posted by Thomas Bowles
Saturday February 22, 2014
When you’re on the outside like that, how frustrating is it?
It’s so hard. Timothy Peters has won here. Kyle Busch has won everywhere. Ron Hornaday has been running Trucks forever, probably before I was even born. I was surrounded by veterans there, and like I told them I don’t have a rookie stripe but I’m a rookie. This is only my fourth Truck race ever, my fourth superspeedway race, and man, I figured out when the 17 got up in front of me, I pushed him. And as soon as I pushed him, he took off. And I went with him. And I just kept doing it, and before I knew it, he was leading. And I saw Ron in my mirror, backed up to him, and if it wasn’t for him, I don’t know what would have happened. I gotta thank him big time for that. That was a true teammate move right there. I really appreciate that. He just bounced off me and we got to the front. I tried my hardest to sidedraft Kyle. I was probably touching his door.
Top 5 in the No. 30 truck. This deal come together at the last minute, but you had a heck of a truck. Tell us about your night.
Yeah, I’ve got to thank Turner Scott Motorsports. The guys worked so hard on this Rheem Comfort Products Chevrolet. Exciting! Just got hung up on the outside and had to wait for my teammate there to catch up. And then he got to the bottom, so… I got the old 32 and started pushing ol’ Ryan to the front. So, it’s not bad. We’ll take it. You just don’t want to step over that boundary. You don’t know how far to push and shove. We bumped about six times down the straightaway without latching onto them. Hopefully, that was OK and we came home with a top 5.
Connect with Mike!
2014 Budweiser Duels Post Race Quotes
posted by Matt Stallknecht
Friday February 21, 2014
BUDWEISER DUELS POST-RACE QUOTES
They’re saying the wheel bearing burned up in it. I don’t know what caused it, they’re taking it all apart to figure out what the heck happened. Something abnormal that’s for sure I don’t think I’ve ever had that happen at all. Hopefully, we made the race and hopefully we can fix the problem before Sunday.
WHAT WAS THAT LOUD BOOM ONCE YOU TURNED INTO THE GARAGE?
Loud pop was a tire… thankfully, it popped, hopefully it didn’t hurt anybody. All the heat created in the left front that popped was pretty weird.
REALLY GOOD RUN. WHAT DID YOU THINK OF IT?
Yeah, it was good. We have a car we can work with for the 500. Got a good starting spot, so we’re going to rest easy, fluff and buff our car for a couple of days and get ready for Sunday.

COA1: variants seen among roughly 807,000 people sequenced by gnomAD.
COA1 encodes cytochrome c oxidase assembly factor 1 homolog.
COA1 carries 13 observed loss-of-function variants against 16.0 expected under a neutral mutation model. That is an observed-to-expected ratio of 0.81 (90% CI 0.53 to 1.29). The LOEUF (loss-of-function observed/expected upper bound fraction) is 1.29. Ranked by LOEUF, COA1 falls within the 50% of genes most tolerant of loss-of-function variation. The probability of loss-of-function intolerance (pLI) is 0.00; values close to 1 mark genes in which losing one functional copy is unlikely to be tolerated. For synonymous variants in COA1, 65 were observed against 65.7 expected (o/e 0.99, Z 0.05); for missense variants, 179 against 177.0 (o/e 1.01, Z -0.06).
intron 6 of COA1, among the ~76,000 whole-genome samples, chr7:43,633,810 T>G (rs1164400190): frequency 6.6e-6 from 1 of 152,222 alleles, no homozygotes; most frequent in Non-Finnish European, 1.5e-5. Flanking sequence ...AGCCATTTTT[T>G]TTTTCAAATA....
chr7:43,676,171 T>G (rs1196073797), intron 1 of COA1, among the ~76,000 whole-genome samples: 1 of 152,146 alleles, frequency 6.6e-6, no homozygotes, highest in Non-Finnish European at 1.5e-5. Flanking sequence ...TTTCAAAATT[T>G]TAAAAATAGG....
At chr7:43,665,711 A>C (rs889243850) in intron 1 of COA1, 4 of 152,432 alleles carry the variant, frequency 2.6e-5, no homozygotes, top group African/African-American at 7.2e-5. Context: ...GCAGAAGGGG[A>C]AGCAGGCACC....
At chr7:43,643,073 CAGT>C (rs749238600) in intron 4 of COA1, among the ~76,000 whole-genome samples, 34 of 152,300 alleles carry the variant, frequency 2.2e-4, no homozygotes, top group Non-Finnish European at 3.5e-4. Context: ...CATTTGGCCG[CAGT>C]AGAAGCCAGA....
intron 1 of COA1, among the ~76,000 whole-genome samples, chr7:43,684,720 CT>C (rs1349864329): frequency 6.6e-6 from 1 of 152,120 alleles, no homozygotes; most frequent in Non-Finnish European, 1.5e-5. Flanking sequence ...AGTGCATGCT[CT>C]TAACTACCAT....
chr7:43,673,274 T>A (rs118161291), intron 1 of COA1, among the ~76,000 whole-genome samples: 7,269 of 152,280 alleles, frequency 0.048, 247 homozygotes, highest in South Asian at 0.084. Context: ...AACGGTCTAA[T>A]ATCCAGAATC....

ANY DIFFERENCE ON WHETHER THE TOP OR BOTTOM LANE WORKED?
Yeah, I was just moving around, trying to stay with the flow. For me, this car works on all parts of the racetrack. So I’m pretty happy with it.
DALE EARNHARDT, JR.
GOT SHUFFLED BACK, AFTER PIT STOPS AND THEN COULDN’T GET BACK UP TO THE FRONT. WHY?
Nah, we were just sitting there waiting until the last few laps to make a move. You didn’t want to pull down and get sent to the back. Seen a couple of guys get sent to the back really quick so we were just kind of waiting for the end. I felt like we had a good situation there with Ambrose behind us — we had a good run off Turn 2 and I went. It was the last lap, time to go do something, nobody went with us but hopefully Sunday is a different story.
We got a great car. We don’t have to work hard. We learned, we got a good race car. Got a car in one piece, ready to go so we’ll try and get through the next couple of practices, deliver it to the starting group this Sunday and we’ll be real happy.
YOU’RE IN THE DAYTONA 500!
Yeah, it’s pretty awesome. This Whitetail Chevrolet was so fast that I knew all I had to do was stick it behind smart, intelligent drafters and we could have a good finish. That’s what we did in the Duels and I’m excited. I’m excited to go do some stuff with the Nationwide car and have some more practice with this. But to know that we’re locked in the Daytona 500’s pretty cool.
YOU WERE OBVIOUSLY IN FRONT OF THAT MELEE AT THE END. WHEN YOU WERE UP FRONT THERE IN THE BEGINNING, WERE YOU HOPING TO JUST STAY IN LINE AND LET YOU FINISH TOP 5?